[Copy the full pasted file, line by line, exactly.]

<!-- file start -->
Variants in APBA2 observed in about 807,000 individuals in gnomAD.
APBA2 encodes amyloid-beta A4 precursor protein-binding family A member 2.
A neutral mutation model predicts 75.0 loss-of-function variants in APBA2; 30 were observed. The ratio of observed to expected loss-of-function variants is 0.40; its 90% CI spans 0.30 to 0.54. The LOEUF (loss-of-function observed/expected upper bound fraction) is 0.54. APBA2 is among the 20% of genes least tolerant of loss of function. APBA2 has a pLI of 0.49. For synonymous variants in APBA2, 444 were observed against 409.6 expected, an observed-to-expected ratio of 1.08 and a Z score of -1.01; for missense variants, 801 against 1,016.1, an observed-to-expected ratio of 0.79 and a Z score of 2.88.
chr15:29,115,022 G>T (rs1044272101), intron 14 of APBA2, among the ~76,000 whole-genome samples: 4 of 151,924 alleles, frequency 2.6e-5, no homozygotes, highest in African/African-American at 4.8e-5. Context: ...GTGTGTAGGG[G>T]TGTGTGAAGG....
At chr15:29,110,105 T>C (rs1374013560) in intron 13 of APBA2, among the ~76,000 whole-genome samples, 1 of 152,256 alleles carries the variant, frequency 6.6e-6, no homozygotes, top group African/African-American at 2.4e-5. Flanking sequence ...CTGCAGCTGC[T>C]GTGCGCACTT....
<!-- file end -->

Variants in APBA2 observed in about 807,000 individuals in gnomAD.
APBA2 encodes amyloid-beta A4 precursor protein-binding family A member 2.
A neutral mutation model predicts 75.0 loss-of-function variants in APBA2; 30 were observed. The ratio of observed to expected loss-of-function variants is 0.40; its 90% CI spans 0.30 to 0.54. The LOEUF (loss-of-function observed/expected upper bound fraction) is 0.54. APBA2 is among the 20% of genes least tolerant of loss of function. APBA2 has a pLI of 0.49. For synonymous variants in APBA2, 444 were observed against 409.6 expected, an observed-to-expected ratio of 1.08 and a Z score of -1.01; for missense variants, 801 against 1,016.1, an observed-to-expected ratio of 0.79 and a Z score of 2.88.
chr15:29,115,022 G>T (rs1044272101), intron 14 of APBA2, among the ~76,000 whole-genome samples: 4 of 151,924 alleles, frequency 2.6e-5, no homozygotes, highest in African/African-American at 4.8e-5. Context: ...GTGTGTAGGG[G>T]TGTGTGAAGG....
At chr15:29,110,105 T>C (rs1374013560) in intron 13 of APBA2, among the ~76,000 whole-genome samples, 1 of 152,256 alleles carries the variant, frequency 6.6e-6, no homozygotes, top group African/African-American at 2.4e-5. Flanking sequence ...CTGCAGCTGC[T>C]GTGCGCACTT....